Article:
Now I want to tell you a story. Last Friday my wife, Faye, and I drove into NYC to hear the New York Philharmonic at Avery Fischer Hall in Lincoln Center. For several years we have had season tickets to the Philharmonic concerts and indulge ourselves with dinner at O’Neal’s before the concert. Driving into the city, and walking around it, you realize that it is like reality, ugly and beautiful, refined and coarse, a mixture of every race, religion, ethnic group and nationality. The city is defined by a brashness, defensiveness, cynicism, sarcasm, sourness, pessimism, fatalism, and outright scorn. (In fact the man sitting next to us at O’Neal’s that night was the embodiment of all of those traits.) NYC is truly the “show me state.” Missouri pales in comparison when it comes to being the “doubting Thomas” of society.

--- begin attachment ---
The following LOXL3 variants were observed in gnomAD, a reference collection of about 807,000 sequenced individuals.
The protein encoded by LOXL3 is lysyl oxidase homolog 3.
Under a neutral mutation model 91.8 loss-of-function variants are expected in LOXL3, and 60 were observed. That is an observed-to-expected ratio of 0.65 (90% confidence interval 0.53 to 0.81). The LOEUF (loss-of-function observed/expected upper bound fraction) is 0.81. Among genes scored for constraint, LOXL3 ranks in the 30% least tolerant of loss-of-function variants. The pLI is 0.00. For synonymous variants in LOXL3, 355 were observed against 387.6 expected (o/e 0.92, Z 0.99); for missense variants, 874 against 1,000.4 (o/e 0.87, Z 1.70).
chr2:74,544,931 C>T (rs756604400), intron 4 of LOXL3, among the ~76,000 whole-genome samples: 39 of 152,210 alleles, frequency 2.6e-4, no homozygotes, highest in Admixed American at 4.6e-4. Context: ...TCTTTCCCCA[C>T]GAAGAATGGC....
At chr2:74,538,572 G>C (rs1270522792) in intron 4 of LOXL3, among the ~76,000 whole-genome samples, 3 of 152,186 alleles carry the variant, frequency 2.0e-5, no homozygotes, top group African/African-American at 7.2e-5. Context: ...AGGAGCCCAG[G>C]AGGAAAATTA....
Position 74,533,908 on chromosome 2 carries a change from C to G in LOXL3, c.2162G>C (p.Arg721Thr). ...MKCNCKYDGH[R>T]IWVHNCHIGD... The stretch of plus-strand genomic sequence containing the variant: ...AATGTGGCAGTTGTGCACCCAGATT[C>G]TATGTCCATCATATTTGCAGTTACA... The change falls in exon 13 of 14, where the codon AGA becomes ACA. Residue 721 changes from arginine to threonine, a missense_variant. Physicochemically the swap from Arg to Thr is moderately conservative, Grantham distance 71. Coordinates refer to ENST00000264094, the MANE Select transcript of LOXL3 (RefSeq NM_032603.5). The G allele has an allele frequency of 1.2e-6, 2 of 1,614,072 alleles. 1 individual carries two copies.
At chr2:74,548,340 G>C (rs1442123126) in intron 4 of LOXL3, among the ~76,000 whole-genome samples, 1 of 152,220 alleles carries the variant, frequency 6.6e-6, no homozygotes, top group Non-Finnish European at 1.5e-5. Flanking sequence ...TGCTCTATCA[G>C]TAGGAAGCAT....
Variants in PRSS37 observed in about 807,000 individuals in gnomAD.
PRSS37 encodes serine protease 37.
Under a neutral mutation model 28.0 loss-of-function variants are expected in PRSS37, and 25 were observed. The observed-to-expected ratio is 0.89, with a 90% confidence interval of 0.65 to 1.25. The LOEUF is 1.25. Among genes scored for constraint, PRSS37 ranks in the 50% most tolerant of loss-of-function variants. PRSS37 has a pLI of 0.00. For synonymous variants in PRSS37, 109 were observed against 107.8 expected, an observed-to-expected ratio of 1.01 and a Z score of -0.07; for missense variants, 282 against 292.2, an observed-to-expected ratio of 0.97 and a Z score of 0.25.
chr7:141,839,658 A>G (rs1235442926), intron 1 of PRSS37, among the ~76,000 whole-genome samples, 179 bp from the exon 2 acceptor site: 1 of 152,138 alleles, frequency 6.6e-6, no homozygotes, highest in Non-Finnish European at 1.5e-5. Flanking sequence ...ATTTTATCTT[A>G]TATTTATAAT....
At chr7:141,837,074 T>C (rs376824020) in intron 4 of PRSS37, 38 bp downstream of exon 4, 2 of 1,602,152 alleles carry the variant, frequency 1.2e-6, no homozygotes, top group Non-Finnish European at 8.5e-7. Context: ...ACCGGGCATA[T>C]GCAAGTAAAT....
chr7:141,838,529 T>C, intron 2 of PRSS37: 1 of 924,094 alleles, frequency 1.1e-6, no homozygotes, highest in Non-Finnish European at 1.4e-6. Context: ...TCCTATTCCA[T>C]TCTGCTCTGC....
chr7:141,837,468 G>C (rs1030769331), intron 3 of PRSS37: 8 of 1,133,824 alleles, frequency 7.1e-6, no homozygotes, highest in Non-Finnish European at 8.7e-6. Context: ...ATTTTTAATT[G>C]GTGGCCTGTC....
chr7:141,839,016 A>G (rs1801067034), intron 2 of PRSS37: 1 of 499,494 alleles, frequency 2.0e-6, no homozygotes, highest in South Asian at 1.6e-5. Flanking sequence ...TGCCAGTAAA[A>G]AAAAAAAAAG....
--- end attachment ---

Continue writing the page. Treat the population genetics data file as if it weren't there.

Faye is always switching concerts around like cards in a deck, so I am never quite sure what is coming up. Much to my surprise, we were to hear Handel’s Messiah, directed by Helmut Rielling. I have sung the whole Messiah as a first tenor and cringe at some of the high notes. The orchestra was superb and the choir excellent.  I had forgotten how much of the libretto came directly from the Psalms, Isaiah and Job. Much to my surprise I discovered that the entirety of the Messiah was being sung, not just the Christmas birth narrative but also the Easter resurrection section. A note in the program indicated that it was traditional for people to stand at the Hallelujah chorus. King George had stood at that part and it became a tradition. Some thought the king stood because of his faith, or the inspiration of the music, but it might have been because he had hemroids, woke up startled, or had a leg cramp. (Talk about deconstructionism!) We were assured that it was quite all right to remain seated. The concert hall seats 2,500. Right up to the Hallelujah chorus the music was impressive and stirring. Then they hit the chorus, with Phil Smith on trumpet. 2,300 people, jaded New Yorkers, rose: Jew, Gentile, black, white, Asian, Occidental, old, young, infirm, fit. It was awe-inspiring. But what was really awesome was that at the end they applauded and cheered. I was stunned.